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Current Bovine Tuberculosis Surveillance in Indiana Deer

2019 Bovine Tuberculosis sampling

During the 2018-19 hunting season, 89 hunter-harvested deer from the Franklin County surveillance zone were sampled for bovine tuberculosis (bTB). Previously, 541 hunter-harvested deer were sampled during the 2017-18 season, and 2,047 were sampled during the 2016-17 season. To date, all 2,677 hunter-harvested deer sampled have tested negative for bTB. These results suggest that, through the 2018–19 hunting season, the prevalence of bTB in wild deer within the Franklin County surveillance zone has remained at levels that were difficult to detect and was likely very low to non-existent.

As a result, the Indiana DNR will not conduct intensive bTB surveillance in Fayette and Franklin counties during the 2019-20 hunting season. However, Indiana DNR will still conduct targeted surveillance of deer if they are reported to be exhibiting signs of bTB and recommends that hunters continue to inspect the chest cavity of harvested deer for lesions. If lesions are found, hunters should contact an Indiana State Board of Animal Health veterinarian by calling 877-747-3038 or visit boah.IN.gov.

What happens when a deer is submitted for bTB testing?

The lymph nodes in the neck and head are removed and submitted to two different laboratories for testing. Samples are sent to the Animal Disease Diagnostic Laboratory (ADDL) at Purdue University where they are examined microscopically for infection with bTB bacteria. Results from this initial test are typically available in two to three weeks and will be posted online within a few days of receipt by Indiana DNR.

The samples are also submitted to the National Veterinary Services Lab (NVSL) for a more conclusive test known as a culture. Culturing is the most reliable way to test for bTB and increases confidence in the overall surveillance effort. If bTB bacteria are present, the cultured samples will grow the bacteria under controlled conditions. However, because bTB bacteria grow very slowly, test results may take three to four months to complete. The results from the culture test will be posted online as soon as they are available.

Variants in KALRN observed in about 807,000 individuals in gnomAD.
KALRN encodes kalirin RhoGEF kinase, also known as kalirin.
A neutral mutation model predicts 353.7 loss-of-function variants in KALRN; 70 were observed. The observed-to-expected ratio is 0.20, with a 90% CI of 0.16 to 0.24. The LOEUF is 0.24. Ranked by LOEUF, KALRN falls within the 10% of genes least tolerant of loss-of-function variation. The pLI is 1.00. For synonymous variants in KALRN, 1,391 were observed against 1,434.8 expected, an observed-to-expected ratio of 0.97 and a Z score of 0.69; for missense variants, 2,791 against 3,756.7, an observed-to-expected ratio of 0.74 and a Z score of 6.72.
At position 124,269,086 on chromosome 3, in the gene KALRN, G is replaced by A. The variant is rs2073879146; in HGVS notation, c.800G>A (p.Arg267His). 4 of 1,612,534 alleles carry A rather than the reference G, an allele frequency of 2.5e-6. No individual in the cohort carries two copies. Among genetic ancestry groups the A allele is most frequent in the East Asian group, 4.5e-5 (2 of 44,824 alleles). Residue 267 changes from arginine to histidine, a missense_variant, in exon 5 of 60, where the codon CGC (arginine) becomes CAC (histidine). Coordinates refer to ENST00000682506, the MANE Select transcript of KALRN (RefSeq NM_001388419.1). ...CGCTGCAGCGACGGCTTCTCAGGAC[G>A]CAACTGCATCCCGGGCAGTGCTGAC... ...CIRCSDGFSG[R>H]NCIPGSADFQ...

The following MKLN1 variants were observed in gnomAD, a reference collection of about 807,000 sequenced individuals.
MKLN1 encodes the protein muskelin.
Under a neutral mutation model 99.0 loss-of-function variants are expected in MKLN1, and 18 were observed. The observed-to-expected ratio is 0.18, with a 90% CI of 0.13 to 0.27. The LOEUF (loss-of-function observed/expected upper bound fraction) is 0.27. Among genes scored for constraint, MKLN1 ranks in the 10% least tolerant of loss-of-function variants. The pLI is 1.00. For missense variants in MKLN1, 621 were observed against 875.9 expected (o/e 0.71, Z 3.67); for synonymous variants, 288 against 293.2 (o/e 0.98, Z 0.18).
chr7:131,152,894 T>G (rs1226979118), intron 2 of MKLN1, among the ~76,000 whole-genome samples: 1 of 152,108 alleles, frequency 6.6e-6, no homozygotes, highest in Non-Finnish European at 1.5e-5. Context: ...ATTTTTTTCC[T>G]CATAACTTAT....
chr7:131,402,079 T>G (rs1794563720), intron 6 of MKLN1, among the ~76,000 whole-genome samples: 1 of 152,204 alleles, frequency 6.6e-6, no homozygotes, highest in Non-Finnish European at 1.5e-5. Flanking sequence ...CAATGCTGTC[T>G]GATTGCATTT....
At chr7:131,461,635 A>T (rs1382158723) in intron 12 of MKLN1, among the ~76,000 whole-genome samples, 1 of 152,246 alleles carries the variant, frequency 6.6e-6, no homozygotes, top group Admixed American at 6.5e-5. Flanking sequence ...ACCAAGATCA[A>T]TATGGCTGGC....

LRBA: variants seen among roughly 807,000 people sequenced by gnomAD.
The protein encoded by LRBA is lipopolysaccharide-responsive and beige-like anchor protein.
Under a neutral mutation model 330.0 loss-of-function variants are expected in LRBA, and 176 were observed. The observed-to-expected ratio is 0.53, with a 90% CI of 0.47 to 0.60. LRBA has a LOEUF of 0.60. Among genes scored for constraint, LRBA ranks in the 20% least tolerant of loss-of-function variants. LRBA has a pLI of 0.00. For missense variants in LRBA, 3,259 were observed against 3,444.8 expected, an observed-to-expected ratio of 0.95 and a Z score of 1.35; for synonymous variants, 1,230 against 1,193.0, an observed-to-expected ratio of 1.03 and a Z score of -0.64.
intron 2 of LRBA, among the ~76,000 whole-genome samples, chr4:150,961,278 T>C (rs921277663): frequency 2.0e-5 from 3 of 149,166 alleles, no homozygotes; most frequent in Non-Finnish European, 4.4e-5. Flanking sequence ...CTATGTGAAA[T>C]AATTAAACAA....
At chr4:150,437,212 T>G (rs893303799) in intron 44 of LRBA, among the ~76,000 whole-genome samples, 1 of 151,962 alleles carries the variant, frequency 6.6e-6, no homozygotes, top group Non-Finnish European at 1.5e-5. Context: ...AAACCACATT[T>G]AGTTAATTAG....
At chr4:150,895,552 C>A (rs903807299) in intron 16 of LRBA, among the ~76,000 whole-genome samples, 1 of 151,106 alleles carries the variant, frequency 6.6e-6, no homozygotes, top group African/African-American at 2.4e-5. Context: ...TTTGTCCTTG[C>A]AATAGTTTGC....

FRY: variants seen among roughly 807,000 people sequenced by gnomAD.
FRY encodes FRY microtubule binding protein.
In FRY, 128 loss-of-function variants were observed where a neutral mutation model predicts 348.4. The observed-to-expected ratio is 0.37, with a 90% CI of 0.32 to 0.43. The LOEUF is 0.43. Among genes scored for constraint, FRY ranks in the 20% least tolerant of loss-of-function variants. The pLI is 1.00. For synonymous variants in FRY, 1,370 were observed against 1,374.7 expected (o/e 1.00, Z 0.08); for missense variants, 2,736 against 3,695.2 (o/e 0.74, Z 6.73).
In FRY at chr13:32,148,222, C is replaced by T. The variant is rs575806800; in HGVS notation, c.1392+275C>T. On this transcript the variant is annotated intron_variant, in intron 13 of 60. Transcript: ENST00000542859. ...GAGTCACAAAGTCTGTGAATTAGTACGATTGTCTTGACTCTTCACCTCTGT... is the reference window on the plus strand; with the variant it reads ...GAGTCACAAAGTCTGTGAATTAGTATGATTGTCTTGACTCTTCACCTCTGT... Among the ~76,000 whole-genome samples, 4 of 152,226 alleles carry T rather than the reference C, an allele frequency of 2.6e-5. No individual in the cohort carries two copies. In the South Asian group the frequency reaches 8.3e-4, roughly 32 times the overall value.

Hunters may view results for a submitted deer. If the result is positive, DNR will contact the hunter who submitted the deer.

What if a deer tests positive for bTB?

Indiana DNR has established a response plan if a wild white-tailed deer tests positive for bTB. The response will depend on the sex and age of the infected animal and the genetics of the bTB bacteria found in that deer.

  • If a single buck tests positive for bTB and the genetics of the bTB indicate that the deer was infected from a bTB-positive farm prior to 2015:
    • DNR will determine the precise location where the deer was harvested.
    • No additional deer will be removed for control purposes.
    • Surveillance efforts will increase the next year, centered on that location.
  • If a single doe or fawn tests positive for bTB OR if a single buck tests positive for bTB, AND the genetic strain of the bTB indicates that the deer was infected from any known positive bTB farms (2016 or later):
    • DNR will determine the precise location where the deer was harvested.
    • Biologists will identify the maternal and/or buck groups that use the area where the infected deer was harvested.
    • Maternal and/or buck groups whose home ranges overlap with the identified area will be removed. A group of deer may consist of eight to 25 deer.
    • Surveillance efforts will increase the next year, centered on that location.

More information

Questions?

Contact Nancy Boedeker, Wildlife Veterinarian 317-234-9617